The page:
If we achieve what we measure, then is it true that we become what we think about most of the time? Philip E. Humbert, Ph.D., wrote, "The human brain is a goal-seeking, problem-solving machine, and the things we think about, focus on and worry about inevitably shape our destiny."Let's take this down to the reality of a managing partner. What do you focus on and worry about? If your answer is everything, you are filling your mind with too much stuff. No one can worry about everything. However, there are a handful of things you should be worrying about when it comes to the health of your practice.
Refuse to fill your days with all those other worries. This is easier said than done, but there are ways to focus on what is truly important for your firm and for you. That's why I firmly believe that managing partners, more than anyone else in the firm, need to have specific goals that are shared with the firm's other partners and family members.
You make your biggest contribution when you passionately pursue your talents and use your strengths. You can only accomplish this by having goals that rely on your talents and strengths.
The power of written goals
If you read the works of high achievers, they are always promoting the idea that we need to have a clear idea of what we want to accomplish, and then write it down so we can focus on achieving it. Just writing your goals down is not enough. You need to share them with your other partners, direct administrative support staff and family members.
As the leader of the practice, you don't operate in a vacuum. How will your partners know if you achieve your goals for the year? What impact will your goals have on your practice, as well as your family?
Once you have a draft of your goals, start getting input from those you trust the most. Ask them for honest feedback as to how this particular goal will affect them. Frame your goals and keep them on your desk so that you see them each day.
You don't need a lot of goals for the year. In fact, most of us tend to have too many. Break them down into three categories - personal, family and business. If you develop two or three in each category, you already have between six and nine goals to accomplish. That may be too many - the number is really up to you, but don't go beyond nine.
And make sure that your goals are measurable, since that's what you will be evaluated on at the end of the year.
Why set goals?
Most managing partners spend the day multi-tasking, and then wonder where the time went. Take a look at your desk right now; is it cluttered with papers and files?
Having written goals can force you to choose what is important to do, rather than what is urgent but not important.
If others know your goals, they can help you achieve them. Too often, our goals remain within us and we feel that no one else cares whether or not we accomplish them. Let others know your goals, so that they can get aligned with them. Sharing goals with your partners and family can also provide additional input. They may see obstacles and additional opportunities that you failed to see.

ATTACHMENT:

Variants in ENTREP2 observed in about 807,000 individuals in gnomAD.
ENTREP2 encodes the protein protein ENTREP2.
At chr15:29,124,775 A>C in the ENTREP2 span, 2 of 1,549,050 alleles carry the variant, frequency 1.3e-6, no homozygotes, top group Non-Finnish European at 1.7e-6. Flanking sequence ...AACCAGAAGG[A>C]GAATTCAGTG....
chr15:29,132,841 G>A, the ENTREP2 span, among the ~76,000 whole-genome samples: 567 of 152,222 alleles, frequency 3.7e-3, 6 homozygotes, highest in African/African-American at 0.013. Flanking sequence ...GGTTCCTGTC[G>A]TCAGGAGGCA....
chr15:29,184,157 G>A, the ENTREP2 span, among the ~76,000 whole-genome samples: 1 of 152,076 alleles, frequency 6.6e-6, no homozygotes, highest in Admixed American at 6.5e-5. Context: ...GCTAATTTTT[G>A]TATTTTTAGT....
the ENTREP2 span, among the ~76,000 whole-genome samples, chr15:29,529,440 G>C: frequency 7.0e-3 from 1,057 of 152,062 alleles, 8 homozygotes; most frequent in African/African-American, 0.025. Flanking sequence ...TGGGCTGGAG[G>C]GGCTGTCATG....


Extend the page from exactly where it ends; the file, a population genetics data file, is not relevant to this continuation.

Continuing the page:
While you want to make sure that your goals are realistic and attainable, you don't want to create any goals that become so dominant in your life that you lose sight of the present or what is really important.
The acid test
Many consultants tell you that effective goals need to be "SMART" - specific, measurable, attainable, realistic and tangible. These are all critical aspects of good goals. However, if you meet all of these criteria and your written goal does not light a fire in your belly, you have the wrong goals.
Goals are accomplished because you have a burning desire to do something. When setting goals for yourself and others in the firm, make sure that you are true to yourself and do what you love. When you and your partners know exactly what you want, then all your efforts are focused on achieving those goals. Your firm is now alive! Your people are alert and invigorated! When was the last time you or they felt that way?
It's never too late to start this process, so if you haven't developed your goals for 2007, do it now! Realistic and passionate goals take a lot of time and thought before you are willing to tackle them. Get away for at least one day by yourself and think about what goals you want to achieve for yourself, your family and your practice.
You may feel like you are standing at the edge of the water, afraid to jump in. Your choices are to go back to the old ways, or take the plunge. My advice, from personal experience, is to take the plunge.
The water is great!
August J. Aquila is chief executive officer of Aquila Global Advisors (www.aquilaadvisors.com), a practice management consulting firm. Reach him at (952) 930-1295 or email@example.com.
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